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World news in brief

by
26 November 2021

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The fish market in Chittagong, Bangladesh, last week

The fish market in Chittagong, Bangladesh, last week

Cardinal speaks out for fisheries workers

HUMAN-RIGHTS violations suffered by those working in the fishing industry have been condemned by Cardinal Peter Turkson, Prefect of the Dicastery for Promoting Integral Human Development, in the Vatican. A Vatican News report, summarising his remarks in advance of World Fisheries Day last Sunday, said that workers “experience threats and intimidation by the skipper and officers. They are forced to work endless shifts day and night to catch as much fish as possible in any kind of weather, conditions that lead to fatigue and occupational accidents.” There are more than 24,000 deaths annually in the industry. The Cardinal urged the chaplains and volunteers of the Church’s Stella Maris seaport ministry to “continue their compassioned mission to welcome the fishers and see in their faces the face of the suffering Jesus Christ and provide them with spiritual and material support”.

 

Twenty-five on trial over Sri Lankan Easter bombings

THE trial began on Tuesday, in Colombo High Court, of 25 men accused of orchestrating the bombings that killed 267 in Sri Lanka on Easter Day in 2019, (News, 26 April 2019). Police have filed more than 23,000 charges against the suspects (News, 20 August), including conspiring to murder, aiding and abetting the attacks, and collecting arms and ammunition. Lawyers representing the suspects said that the case could take as long as a decade to conclude, Reuters reports. The bombings, carried out by Islamists, targeted churches and hotels. Among those on trial is the father of two of the suicide bombers, Inshaf and Ilham Ibrahim. The RC Archbishop of Colombo, Cardinal Malcolm Ranjith, has expressed concern that guilty parties will escape justice.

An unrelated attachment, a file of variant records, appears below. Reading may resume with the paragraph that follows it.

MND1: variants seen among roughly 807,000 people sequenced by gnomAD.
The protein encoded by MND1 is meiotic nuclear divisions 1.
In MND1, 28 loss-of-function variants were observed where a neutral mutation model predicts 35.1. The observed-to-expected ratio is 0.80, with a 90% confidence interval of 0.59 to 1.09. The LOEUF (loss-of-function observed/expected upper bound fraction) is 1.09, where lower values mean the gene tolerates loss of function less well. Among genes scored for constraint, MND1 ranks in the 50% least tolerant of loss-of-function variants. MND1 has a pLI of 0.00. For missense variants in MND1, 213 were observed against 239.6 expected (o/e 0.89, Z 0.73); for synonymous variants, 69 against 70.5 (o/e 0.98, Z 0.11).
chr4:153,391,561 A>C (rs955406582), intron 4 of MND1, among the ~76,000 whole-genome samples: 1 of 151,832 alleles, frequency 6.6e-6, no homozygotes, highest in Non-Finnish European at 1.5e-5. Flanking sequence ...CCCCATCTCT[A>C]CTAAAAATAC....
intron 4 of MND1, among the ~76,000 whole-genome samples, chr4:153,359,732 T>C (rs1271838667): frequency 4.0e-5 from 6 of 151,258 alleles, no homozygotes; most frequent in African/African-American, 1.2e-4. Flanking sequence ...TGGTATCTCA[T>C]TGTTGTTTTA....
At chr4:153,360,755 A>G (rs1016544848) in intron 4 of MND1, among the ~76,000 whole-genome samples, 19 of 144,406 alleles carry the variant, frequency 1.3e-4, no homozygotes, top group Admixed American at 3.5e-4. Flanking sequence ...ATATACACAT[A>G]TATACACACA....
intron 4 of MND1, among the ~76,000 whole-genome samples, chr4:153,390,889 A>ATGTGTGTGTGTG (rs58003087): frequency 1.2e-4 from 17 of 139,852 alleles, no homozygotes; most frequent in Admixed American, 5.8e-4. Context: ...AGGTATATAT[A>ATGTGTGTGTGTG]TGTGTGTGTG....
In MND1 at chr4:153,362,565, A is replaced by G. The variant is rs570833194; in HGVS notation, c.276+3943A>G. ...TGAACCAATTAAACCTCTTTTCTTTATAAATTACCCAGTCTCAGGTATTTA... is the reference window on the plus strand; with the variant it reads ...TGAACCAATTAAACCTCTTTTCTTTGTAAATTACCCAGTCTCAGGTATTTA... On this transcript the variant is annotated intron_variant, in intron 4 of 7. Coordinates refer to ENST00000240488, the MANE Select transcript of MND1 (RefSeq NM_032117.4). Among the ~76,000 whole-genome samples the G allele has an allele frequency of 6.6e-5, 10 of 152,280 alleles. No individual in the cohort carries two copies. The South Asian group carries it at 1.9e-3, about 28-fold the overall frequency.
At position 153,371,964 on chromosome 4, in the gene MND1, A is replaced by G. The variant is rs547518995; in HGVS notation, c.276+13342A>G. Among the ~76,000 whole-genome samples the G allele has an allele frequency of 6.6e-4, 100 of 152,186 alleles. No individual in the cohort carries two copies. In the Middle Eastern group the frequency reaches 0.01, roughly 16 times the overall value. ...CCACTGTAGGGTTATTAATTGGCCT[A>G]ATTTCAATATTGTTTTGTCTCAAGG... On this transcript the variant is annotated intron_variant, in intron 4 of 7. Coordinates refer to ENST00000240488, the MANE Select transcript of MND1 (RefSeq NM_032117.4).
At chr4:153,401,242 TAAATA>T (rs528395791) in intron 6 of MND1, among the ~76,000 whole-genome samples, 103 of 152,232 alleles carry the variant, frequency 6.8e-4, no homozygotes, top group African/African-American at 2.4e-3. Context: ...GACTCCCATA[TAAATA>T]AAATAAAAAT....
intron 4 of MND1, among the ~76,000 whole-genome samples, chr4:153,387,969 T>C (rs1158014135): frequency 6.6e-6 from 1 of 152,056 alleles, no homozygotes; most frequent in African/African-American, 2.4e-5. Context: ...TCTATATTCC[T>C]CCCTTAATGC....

Trial of orphanages founder adjourned again

THE High Court in Kano state, Nigeria, has again adjourned the trial of Professor Richard Solomon Musa Tarfa, co-founder of the Du Merci orphanages, Christian Solidarity Worldwide reported this month. Earlier this year, he was acquitted of abducting 19 children from the legal guardians and confining them in an unregistered orphanage (News, 2 July), but he remains accused of forging a certificate of registration. He has produced a bank statement that shows a payment to a director in the Ministry of Women’s Affairs for the certificate. The delay is after the prosecuting lawyer filed his case only one day before the hearing, leaving insufficient time for the presiding judge to examine it.

 

Jehovah’s Witnesses among most frequently banned groups

FORTY-ONE countries banned at least one religion-related group in 2019, according to analysis of laws and policies in effect in 198 countries conducted by Pew Research Centre. Jehovah’s Witnesses and Baha’is were among the most frequently banned groups. Of the countries, more than half (55 per cent) in the Middle East and North Africa had bans, 34 per cent in Asia and the Pacific, and seven per cent in Europe (Belarus, Georgia, and Russia). The Centre’s report notes that, in 2019, hundreds of Jehovah’s Witnesses in Russia faced detention, travel restrictions, investigation, and raids on their homes.

 

RNS reports ‘debaptisms’ registered in Italy

MORE than 100,000 people have formally abandoned the Roman Catholic Church in Italy, a process described by some as “debaptism”, according to estimates by the Union of Rationalist Atheists and Agnostics (UAAR), Religion News Service (RNS) reported last week. UAAR was the driving force behind a process that enables people to renounce the Church and have their decision registered by the church authorities. The 100,000 figure comes from partial data from dioceses and “debaptisms” registered on the UAAR’s own website. The vice-chancellor of the diocese of Brescia, the Revd Daniele Mombelli, told RNS that it was not possible to “erase the baptism, because it’s a fact that historically happened, and was therefore registered. . . What the procedure does is formalize the person’s abandonment of the Church.” This constituted the “crime of apostasy” in canon law, she said.

Forthcoming Events

2 July 2022
Bringing Down the Mighty: Church, Theology and Structural Injustice
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4-8 July 2022
HeartEdge Mission Summer School
From HeartEdge and St Augustine’s College of Theology.

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